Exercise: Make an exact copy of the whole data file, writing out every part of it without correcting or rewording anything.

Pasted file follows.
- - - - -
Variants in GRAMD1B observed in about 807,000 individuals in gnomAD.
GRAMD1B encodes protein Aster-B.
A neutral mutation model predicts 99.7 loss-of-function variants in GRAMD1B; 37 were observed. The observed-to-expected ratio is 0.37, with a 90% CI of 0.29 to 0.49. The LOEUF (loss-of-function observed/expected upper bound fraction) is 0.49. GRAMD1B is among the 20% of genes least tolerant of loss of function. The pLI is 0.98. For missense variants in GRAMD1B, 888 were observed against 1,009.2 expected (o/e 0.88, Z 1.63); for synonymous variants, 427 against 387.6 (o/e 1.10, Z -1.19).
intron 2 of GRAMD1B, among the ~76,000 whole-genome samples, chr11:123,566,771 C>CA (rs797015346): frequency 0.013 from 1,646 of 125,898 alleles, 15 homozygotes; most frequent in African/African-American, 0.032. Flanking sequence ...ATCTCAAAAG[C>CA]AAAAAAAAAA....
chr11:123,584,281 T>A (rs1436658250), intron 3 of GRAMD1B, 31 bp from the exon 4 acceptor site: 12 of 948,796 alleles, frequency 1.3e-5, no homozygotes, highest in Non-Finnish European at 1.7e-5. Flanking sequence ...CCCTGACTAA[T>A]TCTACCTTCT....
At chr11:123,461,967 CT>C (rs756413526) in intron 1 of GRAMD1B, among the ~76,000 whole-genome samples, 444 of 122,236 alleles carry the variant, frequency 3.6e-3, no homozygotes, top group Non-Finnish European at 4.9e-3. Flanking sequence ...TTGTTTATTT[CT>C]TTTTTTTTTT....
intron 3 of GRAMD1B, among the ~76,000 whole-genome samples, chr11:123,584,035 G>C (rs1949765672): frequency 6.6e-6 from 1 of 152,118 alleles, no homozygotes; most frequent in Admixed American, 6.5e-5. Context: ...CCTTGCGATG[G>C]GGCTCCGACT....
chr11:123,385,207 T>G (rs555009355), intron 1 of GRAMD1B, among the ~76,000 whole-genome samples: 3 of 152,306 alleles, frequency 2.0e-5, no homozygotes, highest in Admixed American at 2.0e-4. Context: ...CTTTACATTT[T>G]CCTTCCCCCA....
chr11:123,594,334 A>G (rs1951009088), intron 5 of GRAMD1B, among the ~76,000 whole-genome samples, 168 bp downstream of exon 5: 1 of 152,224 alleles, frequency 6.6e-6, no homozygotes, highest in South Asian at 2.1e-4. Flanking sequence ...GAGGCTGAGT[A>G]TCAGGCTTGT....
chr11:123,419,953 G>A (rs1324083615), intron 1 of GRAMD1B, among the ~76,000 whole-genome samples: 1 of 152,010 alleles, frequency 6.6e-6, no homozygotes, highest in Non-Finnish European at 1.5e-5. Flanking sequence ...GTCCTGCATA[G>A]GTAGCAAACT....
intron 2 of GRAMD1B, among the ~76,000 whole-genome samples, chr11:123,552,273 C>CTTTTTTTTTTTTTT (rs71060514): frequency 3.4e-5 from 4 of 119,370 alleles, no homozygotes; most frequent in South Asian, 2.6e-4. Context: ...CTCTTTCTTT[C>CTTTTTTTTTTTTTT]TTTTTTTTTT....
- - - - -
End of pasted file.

Variants in GRAMD1B observed in about 807,000 individuals in gnomAD.
GRAMD1B encodes protein Aster-B.
A neutral mutation model predicts 99.7 loss-of-function variants in GRAMD1B; 37 were observed. The observed-to-expected ratio is 0.37, with a 90% CI of 0.29 to 0.49. The LOEUF (loss-of-function observed/expected upper bound fraction) is 0.49. GRAMD1B is among the 20% of genes least tolerant of loss of function. The pLI is 0.98. For missense variants in GRAMD1B, 888 were observed against 1,009.2 expected (o/e 0.88, Z 1.63); for synonymous variants, 427 against 387.6 (o/e 1.10, Z -1.19).
intron 2 of GRAMD1B, among the ~76,000 whole-genome samples, chr11:123,566,771 C>CA (rs797015346): frequency 0.013 from 1,646 of 125,898 alleles, 15 homozygotes; most frequent in African/African-American, 0.032. Flanking sequence ...ATCTCAAAAG[C>CA]AAAAAAAAAA....
chr11:123,584,281 T>A (rs1436658250), intron 3 of GRAMD1B, 31 bp from the exon 4 acceptor site: 12 of 948,796 alleles, frequency 1.3e-5, no homozygotes, highest in Non-Finnish European at 1.7e-5. Flanking sequence ...CCCTGACTAA[T>A]TCTACCTTCT....
At chr11:123,461,967 CT>C (rs756413526) in intron 1 of GRAMD1B, among the ~76,000 whole-genome samples, 444 of 122,236 alleles carry the variant, frequency 3.6e-3, no homozygotes, top group Non-Finnish European at 4.9e-3. Flanking sequence ...TTGTTTATTT[CT>C]TTTTTTTTTT....
intron 3 of GRAMD1B, among the ~76,000 whole-genome samples, chr11:123,584,035 G>C (rs1949765672): frequency 6.6e-6 from 1 of 152,118 alleles, no homozygotes; most frequent in Admixed American, 6.5e-5. Context: ...CCTTGCGATG[G>C]GGCTCCGACT....
chr11:123,385,207 T>G (rs555009355), intron 1 of GRAMD1B, among the ~76,000 whole-genome samples: 3 of 152,306 alleles, frequency 2.0e-5, no homozygotes, highest in Admixed American at 2.0e-4. Context: ...CTTTACATTT[T>G]CCTTCCCCCA....
chr11:123,594,334 A>G (rs1951009088), intron 5 of GRAMD1B, among the ~76,000 whole-genome samples, 168 bp downstream of exon 5: 1 of 152,224 alleles, frequency 6.6e-6, no homozygotes, highest in South Asian at 2.1e-4. Flanking sequence ...GAGGCTGAGT[A>G]TCAGGCTTGT....
chr11:123,419,953 G>A (rs1324083615), intron 1 of GRAMD1B, among the ~76,000 whole-genome samples: 1 of 152,010 alleles, frequency 6.6e-6, no homozygotes, highest in Non-Finnish European at 1.5e-5. Flanking sequence ...GTCCTGCATA[G>A]GTAGCAAACT....
intron 2 of GRAMD1B, among the ~76,000 whole-genome samples, chr11:123,552,273 C>CTTTTTTTTTTTTTT (rs71060514): frequency 3.4e-5 from 4 of 119,370 alleles, no homozygotes; most frequent in South Asian, 2.6e-4. Context: ...CTCTTTCTTT[C>CTTTTTTTTTTTTTT]TTTTTTTTTT....